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Stakeholder Relations Team

Northern Gas Networks, the gas distributor for the North of England, has published its latest Innovation Report, highlighting an ambitious range of innovation projects which feature everything from gas pipes that can ‘talk’ to us, to light rays that can detect compounds within natural gas.

During 2019/20, innovation enabled us to reduce the number of holes that we needed to dig by at least 3086, and to also reduce the amount of soil from excavations that needed to be sent to landfill sites.

No one likes roadworks. But our work to improve how we locate, anticipate and solve issues on the network, such as gas leaks or water getting into the pipes, brings clear benefits for our customers.

Our award-winning robot, nicknamed STAN, has been developed in partnership with suppliers Synthotech. It can go down into mains pipe work to be our eyes and ears underground; moving through the pipes to record and send back a range of diagnostic information about their condition, enabling NGN to pinpoint leaks with even more accuracy and speed, and on top of this it can even repair leaks in joints.

Another innovation highlighted in the report is the development of a working prototype with suppliers HP1 Technologies Limited of a low-cost, printable sensor that can be incorporated into existing gas pipe components and feeds back data from underground; essentially ‘talking’ to our engineers. The sensor makes it quicker, cheaper and easier to identify and then fix problems on the network, such as water creeping into our network.

Our nose for innovation is also at the forefront of our project to monitor gas odorant. Natural gas has no smell, so an odour is added: the smell that we are so familiar with, which helps alert customers to potential gas escapes and issues with appliances such as boilers.

To check that there is the right quantity of odour in the gas, NGN employs trained ‘gas sniffers’; people with highly sensitive noses. But they can only take a snapshot at any one time: what NGN needed was a way to monitor levels 24-hours-a-day.

Working alongside the EIC with supplier The Camlin Group, NGN is piloting a technique called optical spectroscopy, which uses light rays to accurately detect the level of odorant within a gas around the clock.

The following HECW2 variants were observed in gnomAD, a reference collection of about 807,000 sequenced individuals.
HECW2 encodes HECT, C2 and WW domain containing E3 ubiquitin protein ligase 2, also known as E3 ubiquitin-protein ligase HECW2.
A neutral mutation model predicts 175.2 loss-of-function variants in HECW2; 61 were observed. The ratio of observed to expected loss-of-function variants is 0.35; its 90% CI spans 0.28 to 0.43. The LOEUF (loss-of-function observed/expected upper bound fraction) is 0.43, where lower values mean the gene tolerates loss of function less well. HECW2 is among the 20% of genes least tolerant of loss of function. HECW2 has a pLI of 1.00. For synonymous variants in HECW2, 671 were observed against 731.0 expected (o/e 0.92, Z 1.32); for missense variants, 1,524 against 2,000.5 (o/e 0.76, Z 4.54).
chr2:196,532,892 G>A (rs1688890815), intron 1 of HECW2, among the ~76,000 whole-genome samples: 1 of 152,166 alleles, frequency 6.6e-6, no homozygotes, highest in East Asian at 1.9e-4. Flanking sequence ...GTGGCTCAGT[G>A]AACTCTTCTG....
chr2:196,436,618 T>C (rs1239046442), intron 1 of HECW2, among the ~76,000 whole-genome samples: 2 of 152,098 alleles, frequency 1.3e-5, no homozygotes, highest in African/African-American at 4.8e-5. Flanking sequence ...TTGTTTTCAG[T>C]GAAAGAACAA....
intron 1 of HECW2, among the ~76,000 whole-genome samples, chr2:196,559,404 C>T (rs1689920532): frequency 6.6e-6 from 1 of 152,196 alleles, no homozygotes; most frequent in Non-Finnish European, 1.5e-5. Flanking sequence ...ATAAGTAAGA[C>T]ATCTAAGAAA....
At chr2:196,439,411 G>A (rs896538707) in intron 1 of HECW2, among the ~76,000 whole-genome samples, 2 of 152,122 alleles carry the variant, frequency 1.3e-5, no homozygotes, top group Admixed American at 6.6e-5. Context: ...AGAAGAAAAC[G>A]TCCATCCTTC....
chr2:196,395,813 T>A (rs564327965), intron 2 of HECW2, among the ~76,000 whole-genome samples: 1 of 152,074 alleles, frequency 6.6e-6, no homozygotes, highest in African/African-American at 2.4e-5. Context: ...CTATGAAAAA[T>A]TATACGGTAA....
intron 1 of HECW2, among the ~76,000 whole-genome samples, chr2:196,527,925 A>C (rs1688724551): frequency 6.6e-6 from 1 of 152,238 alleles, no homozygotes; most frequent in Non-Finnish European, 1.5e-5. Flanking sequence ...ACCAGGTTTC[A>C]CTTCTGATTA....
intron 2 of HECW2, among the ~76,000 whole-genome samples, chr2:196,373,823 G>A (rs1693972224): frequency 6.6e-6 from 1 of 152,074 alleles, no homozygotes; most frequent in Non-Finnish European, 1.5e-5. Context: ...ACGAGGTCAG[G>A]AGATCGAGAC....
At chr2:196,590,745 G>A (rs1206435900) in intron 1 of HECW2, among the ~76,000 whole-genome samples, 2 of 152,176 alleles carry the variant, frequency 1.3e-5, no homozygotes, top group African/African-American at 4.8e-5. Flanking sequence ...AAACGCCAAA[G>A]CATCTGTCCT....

The report also demonstrates how technological innovation is helping NGN to decarbonise the network and develop the green fuels of the future, in support of the Government’s plan to transform the UK to a net zero carbon economy by 2050.

Richard Hynes-Cooper, Head of Innovation at Northern Gas Networks, said: “As we move away from carbon-based fuels towards a greener gas network, innovation has a crucial part to play in developing new sources of energy for the future.

“Hydrogen and biomethane are both potential green fuels of the future, and NGN already has an established biomethane programme, working with suppliers across our region, but we want to continuously improve the service we can offer.

“So we are working with technology company Utonomy and using Innovate UK funding to make it easier for biomethane producers to get their product into our network and increase the amount of green gas in our pipes.

“During periods of low demand, biomethane producers can struggle to inject their gas, as there is no room on the network. This excess biomethane then has to be flared, resulting in lost income.

“By remotely controlling gas pressure on our medium pressure network, we can create room for biomethane to be injected.”

The majority of the funding for NGN’s 2019/20 innovation projects comes from the regulator, Ofgem, through its Network Innovation Allowance (NIA). NGN has invested the full £2.9 million of its 2019/20 NIA allocation, completing 16 of our ongoing projects, and launching 15 new projects, 13 of which are NIA funded.

To read the full report, please visit and go to the section titled ‘The Future’.

Case study – Project Zero

Northern Gas Networks (NGN) is launching an innovative new process to replace gas pipes without the need to always enter customers’ homes.

The new process, dubbed ‘Project Zero’, allows engineers to work on ‘live’ pipes in the street with the gas still flowing, which also means that the gas supply to properties located nearby are less likely to be interrupted: good news for customers.

An encapsulation device, made of reinforced plastic, is fitted around pipework, forming a pressurised seal. This allows engineers to replace pipes in the street under live conditions.

The new process has been developed with leading British engineering business Synthotech. The company, headquartered in Harrogate, supplies products and services to utility and infrastructure markets around the world.

Richard Hynes-Cooper, Head of Innovation at Northern Gas Networks, said: “Replacing gas pipes often means we have to enter customers’ homes, to switch off their supply, so we can work safely. This is inconvenient for customers, as it is a significant disruption to their day. Our hope is that the Project Zero technology will mean that our engineers can work efficiently outside in the street, greatly reducing the occasions when they need access to people’s properties.”

Simon Langdale, Engineering Manager for Synthotech, said: “It has been great to collaborate with NGN to produce this pioneering new encapsulation system. It will make altering pipework while keeping a constant supply to the property both easy and efficient. It will also reduce contact and help to protect venerable customers. We look forward to developing it further with NGN and are excited for when this becomes a ‘business as usual’ process.”

To watch a short film about Project Zero, please visit